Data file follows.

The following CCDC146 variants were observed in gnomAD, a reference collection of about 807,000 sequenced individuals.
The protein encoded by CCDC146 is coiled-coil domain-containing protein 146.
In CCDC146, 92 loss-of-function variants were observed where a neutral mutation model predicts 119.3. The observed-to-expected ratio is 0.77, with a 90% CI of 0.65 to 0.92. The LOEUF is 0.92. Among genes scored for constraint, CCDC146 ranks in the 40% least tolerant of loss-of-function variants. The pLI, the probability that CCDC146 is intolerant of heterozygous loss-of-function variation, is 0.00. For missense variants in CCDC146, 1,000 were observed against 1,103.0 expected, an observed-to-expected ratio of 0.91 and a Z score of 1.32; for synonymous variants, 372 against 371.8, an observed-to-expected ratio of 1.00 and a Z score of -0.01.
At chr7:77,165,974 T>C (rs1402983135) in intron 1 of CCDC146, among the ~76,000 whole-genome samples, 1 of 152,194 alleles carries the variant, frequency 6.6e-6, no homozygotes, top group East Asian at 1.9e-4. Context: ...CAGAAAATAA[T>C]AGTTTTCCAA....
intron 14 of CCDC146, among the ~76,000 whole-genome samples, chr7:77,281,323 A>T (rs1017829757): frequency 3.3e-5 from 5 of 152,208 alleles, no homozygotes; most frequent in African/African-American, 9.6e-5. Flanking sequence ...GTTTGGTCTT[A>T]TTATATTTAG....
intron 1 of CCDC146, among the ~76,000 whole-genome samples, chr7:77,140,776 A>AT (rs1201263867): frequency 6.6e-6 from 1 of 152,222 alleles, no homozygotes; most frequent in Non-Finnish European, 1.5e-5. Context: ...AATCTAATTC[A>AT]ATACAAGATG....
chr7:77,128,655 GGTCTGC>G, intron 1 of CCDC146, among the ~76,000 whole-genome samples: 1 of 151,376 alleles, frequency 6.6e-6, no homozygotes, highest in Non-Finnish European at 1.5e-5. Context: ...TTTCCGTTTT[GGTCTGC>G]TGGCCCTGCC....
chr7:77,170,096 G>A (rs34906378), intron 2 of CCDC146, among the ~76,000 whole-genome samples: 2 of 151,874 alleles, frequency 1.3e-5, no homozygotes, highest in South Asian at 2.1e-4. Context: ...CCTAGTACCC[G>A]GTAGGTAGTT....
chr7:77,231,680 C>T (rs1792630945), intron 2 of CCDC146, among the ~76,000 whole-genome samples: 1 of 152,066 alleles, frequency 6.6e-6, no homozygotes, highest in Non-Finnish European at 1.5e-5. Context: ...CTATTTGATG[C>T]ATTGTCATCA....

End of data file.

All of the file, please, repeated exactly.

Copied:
The following CCDC146 variants were observed in gnomAD, a reference collection of about 807,000 sequenced individuals.
The protein encoded by CCDC146 is coiled-coil domain-containing protein 146.
In CCDC146, 92 loss-of-function variants were observed where a neutral mutation model predicts 119.3. The observed-to-expected ratio is 0.77, with a 90% CI of 0.65 to 0.92. The LOEUF is 0.92. Among genes scored for constraint, CCDC146 ranks in the 40% least tolerant of loss-of-function variants. The pLI, the probability that CCDC146 is intolerant of heterozygous loss-of-function variation, is 0.00. For missense variants in CCDC146, 1,000 were observed against 1,103.0 expected, an observed-to-expected ratio of 0.91 and a Z score of 1.32; for synonymous variants, 372 against 371.8, an observed-to-expected ratio of 1.00 and a Z score of -0.01.
At chr7:77,165,974 T>C (rs1402983135) in intron 1 of CCDC146, among the ~76,000 whole-genome samples, 1 of 152,194 alleles carries the variant, frequency 6.6e-6, no homozygotes, top group East Asian at 1.9e-4. Context: ...CAGAAAATAA[T>C]AGTTTTCCAA....
intron 14 of CCDC146, among the ~76,000 whole-genome samples, chr7:77,281,323 A>T (rs1017829757): frequency 3.3e-5 from 5 of 152,208 alleles, no homozygotes; most frequent in African/African-American, 9.6e-5. Flanking sequence ...GTTTGGTCTT[A>T]TTATATTTAG....
intron 1 of CCDC146, among the ~76,000 whole-genome samples, chr7:77,140,776 A>AT (rs1201263867): frequency 6.6e-6 from 1 of 152,222 alleles, no homozygotes; most frequent in Non-Finnish European, 1.5e-5. Context: ...AATCTAATTC[A>AT]ATACAAGATG....
chr7:77,128,655 GGTCTGC>G, intron 1 of CCDC146, among the ~76,000 whole-genome samples: 1 of 151,376 alleles, frequency 6.6e-6, no homozygotes, highest in Non-Finnish European at 1.5e-5. Context: ...TTTCCGTTTT[GGTCTGC>G]TGGCCCTGCC....
chr7:77,170,096 G>A (rs34906378), intron 2 of CCDC146, among the ~76,000 whole-genome samples: 2 of 151,874 alleles, frequency 1.3e-5, no homozygotes, highest in South Asian at 2.1e-4. Context: ...CCTAGTACCC[G>A]GTAGGTAGTT....
chr7:77,231,680 C>T (rs1792630945), intron 2 of CCDC146, among the ~76,000 whole-genome samples: 1 of 152,066 alleles, frequency 6.6e-6, no homozygotes, highest in Non-Finnish European at 1.5e-5. Context: ...CTATTTGATG[C>T]ATTGTCATCA....